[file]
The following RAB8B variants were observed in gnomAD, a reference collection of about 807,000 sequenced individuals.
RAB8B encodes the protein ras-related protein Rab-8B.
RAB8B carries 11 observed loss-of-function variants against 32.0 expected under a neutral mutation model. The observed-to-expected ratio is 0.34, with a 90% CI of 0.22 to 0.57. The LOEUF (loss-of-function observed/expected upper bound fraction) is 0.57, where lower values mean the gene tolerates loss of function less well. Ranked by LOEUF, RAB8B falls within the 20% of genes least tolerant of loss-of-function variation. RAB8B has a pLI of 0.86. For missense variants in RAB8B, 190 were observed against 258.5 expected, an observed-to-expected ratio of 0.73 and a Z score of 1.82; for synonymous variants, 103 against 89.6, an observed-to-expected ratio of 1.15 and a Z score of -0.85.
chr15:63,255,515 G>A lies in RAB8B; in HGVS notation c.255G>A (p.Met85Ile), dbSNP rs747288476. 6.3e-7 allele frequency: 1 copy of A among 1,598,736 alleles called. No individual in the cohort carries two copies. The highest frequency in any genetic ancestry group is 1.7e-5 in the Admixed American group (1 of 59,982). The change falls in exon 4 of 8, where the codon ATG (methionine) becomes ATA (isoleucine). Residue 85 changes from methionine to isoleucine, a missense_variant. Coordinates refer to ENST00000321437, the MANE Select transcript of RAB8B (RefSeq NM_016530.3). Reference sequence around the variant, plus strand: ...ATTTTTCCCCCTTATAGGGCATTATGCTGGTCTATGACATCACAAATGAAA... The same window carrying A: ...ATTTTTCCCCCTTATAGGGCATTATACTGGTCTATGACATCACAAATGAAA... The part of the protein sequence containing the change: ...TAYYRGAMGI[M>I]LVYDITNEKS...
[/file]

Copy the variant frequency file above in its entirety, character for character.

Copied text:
The following RAB8B variants were observed in gnomAD, a reference collection of about 807,000 sequenced individuals.
RAB8B encodes the protein ras-related protein Rab-8B.
RAB8B carries 11 observed loss-of-function variants against 32.0 expected under a neutral mutation model. The observed-to-expected ratio is 0.34, with a 90% CI of 0.22 to 0.57. The LOEUF (loss-of-function observed/expected upper bound fraction) is 0.57, where lower values mean the gene tolerates loss of function less well. Ranked by LOEUF, RAB8B falls within the 20% of genes least tolerant of loss-of-function variation. RAB8B has a pLI of 0.86. For missense variants in RAB8B, 190 were observed against 258.5 expected, an observed-to-expected ratio of 0.73 and a Z score of 1.82; for synonymous variants, 103 against 89.6, an observed-to-expected ratio of 1.15 and a Z score of -0.85.
chr15:63,255,515 G>A lies in RAB8B; in HGVS notation c.255G>A (p.Met85Ile), dbSNP rs747288476. 6.3e-7 allele frequency: 1 copy of A among 1,598,736 alleles called. No individual in the cohort carries two copies. The highest frequency in any genetic ancestry group is 1.7e-5 in the Admixed American group (1 of 59,982). The change falls in exon 4 of 8, where the codon ATG (methionine) becomes ATA (isoleucine). Residue 85 changes from methionine to isoleucine, a missense_variant. Coordinates refer to ENST00000321437, the MANE Select transcript of RAB8B (RefSeq NM_016530.3). Reference sequence around the variant, plus strand: ...ATTTTTCCCCCTTATAGGGCATTATGCTGGTCTATGACATCACAAATGAAA... The same window carrying A: ...ATTTTTCCCCCTTATAGGGCATTATACTGGTCTATGACATCACAAATGAAA... The part of the protein sequence containing the change: ...TAYYRGAMGI[M>I]LVYDITNEKS...